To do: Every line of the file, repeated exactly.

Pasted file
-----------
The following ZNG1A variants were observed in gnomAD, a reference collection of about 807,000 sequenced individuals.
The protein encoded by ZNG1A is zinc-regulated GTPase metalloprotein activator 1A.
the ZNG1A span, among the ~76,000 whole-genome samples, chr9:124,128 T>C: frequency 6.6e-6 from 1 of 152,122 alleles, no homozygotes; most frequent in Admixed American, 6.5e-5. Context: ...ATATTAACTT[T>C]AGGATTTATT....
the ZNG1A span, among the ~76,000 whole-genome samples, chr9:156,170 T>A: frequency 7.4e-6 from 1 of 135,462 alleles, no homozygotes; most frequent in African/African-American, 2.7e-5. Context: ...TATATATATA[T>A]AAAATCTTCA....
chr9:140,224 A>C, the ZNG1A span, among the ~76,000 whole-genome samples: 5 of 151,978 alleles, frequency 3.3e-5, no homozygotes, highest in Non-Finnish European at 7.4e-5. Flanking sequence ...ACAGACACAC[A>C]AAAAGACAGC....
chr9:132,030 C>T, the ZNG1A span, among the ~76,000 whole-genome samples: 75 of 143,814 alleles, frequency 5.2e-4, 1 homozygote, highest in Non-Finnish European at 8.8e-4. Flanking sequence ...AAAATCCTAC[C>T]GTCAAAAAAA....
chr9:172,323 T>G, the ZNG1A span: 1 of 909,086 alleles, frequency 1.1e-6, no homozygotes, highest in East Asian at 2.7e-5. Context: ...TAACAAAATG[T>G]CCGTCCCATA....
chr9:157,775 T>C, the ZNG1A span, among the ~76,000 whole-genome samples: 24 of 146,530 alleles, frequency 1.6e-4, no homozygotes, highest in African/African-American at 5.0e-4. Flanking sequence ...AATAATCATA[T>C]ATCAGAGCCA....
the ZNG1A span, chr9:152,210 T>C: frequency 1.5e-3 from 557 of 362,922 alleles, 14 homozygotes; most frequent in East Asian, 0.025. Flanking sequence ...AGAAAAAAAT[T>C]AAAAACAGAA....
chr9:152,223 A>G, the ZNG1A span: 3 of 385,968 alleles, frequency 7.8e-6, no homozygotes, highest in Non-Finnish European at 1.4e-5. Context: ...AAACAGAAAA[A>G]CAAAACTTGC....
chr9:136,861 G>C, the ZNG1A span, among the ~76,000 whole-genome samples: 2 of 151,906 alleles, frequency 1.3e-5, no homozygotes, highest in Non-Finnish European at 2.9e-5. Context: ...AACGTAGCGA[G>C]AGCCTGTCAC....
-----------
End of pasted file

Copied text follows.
The following ZNG1A variants were observed in gnomAD, a reference collection of about 807,000 sequenced individuals.
The protein encoded by ZNG1A is zinc-regulated GTPase metalloprotein activator 1A.
the ZNG1A span, among the ~76,000 whole-genome samples, chr9:124,128 T>C: frequency 6.6e-6 from 1 of 152,122 alleles, no homozygotes; most frequent in Admixed American, 6.5e-5. Context: ...ATATTAACTT[T>C]AGGATTTATT....
the ZNG1A span, among the ~76,000 whole-genome samples, chr9:156,170 T>A: frequency 7.4e-6 from 1 of 135,462 alleles, no homozygotes; most frequent in African/African-American, 2.7e-5. Context: ...TATATATATA[T>A]AAAATCTTCA....
chr9:140,224 A>C, the ZNG1A span, among the ~76,000 whole-genome samples: 5 of 151,978 alleles, frequency 3.3e-5, no homozygotes, highest in Non-Finnish European at 7.4e-5. Flanking sequence ...ACAGACACAC[A>C]AAAAGACAGC....
chr9:132,030 C>T, the ZNG1A span, among the ~76,000 whole-genome samples: 75 of 143,814 alleles, frequency 5.2e-4, 1 homozygote, highest in Non-Finnish European at 8.8e-4. Flanking sequence ...AAAATCCTAC[C>T]GTCAAAAAAA....
chr9:172,323 T>G, the ZNG1A span: 1 of 909,086 alleles, frequency 1.1e-6, no homozygotes, highest in East Asian at 2.7e-5. Context: ...TAACAAAATG[T>G]CCGTCCCATA....
chr9:157,775 T>C, the ZNG1A span, among the ~76,000 whole-genome samples: 24 of 146,530 alleles, frequency 1.6e-4, no homozygotes, highest in African/African-American at 5.0e-4. Flanking sequence ...AATAATCATA[T>C]ATCAGAGCCA....
the ZNG1A span, chr9:152,210 T>C: frequency 1.5e-3 from 557 of 362,922 alleles, 14 homozygotes; most frequent in East Asian, 0.025. Flanking sequence ...AGAAAAAAAT[T>C]AAAAACAGAA....
chr9:152,223 A>G, the ZNG1A span: 3 of 385,968 alleles, frequency 7.8e-6, no homozygotes, highest in Non-Finnish European at 1.4e-5. Context: ...AAACAGAAAA[A>G]CAAAACTTGC....
chr9:136,861 G>C, the ZNG1A span, among the ~76,000 whole-genome samples: 2 of 151,906 alleles, frequency 1.3e-5, no homozygotes, highest in Non-Finnish European at 2.9e-5. Context: ...AACGTAGCGA[G>C]AGCCTGTCAC....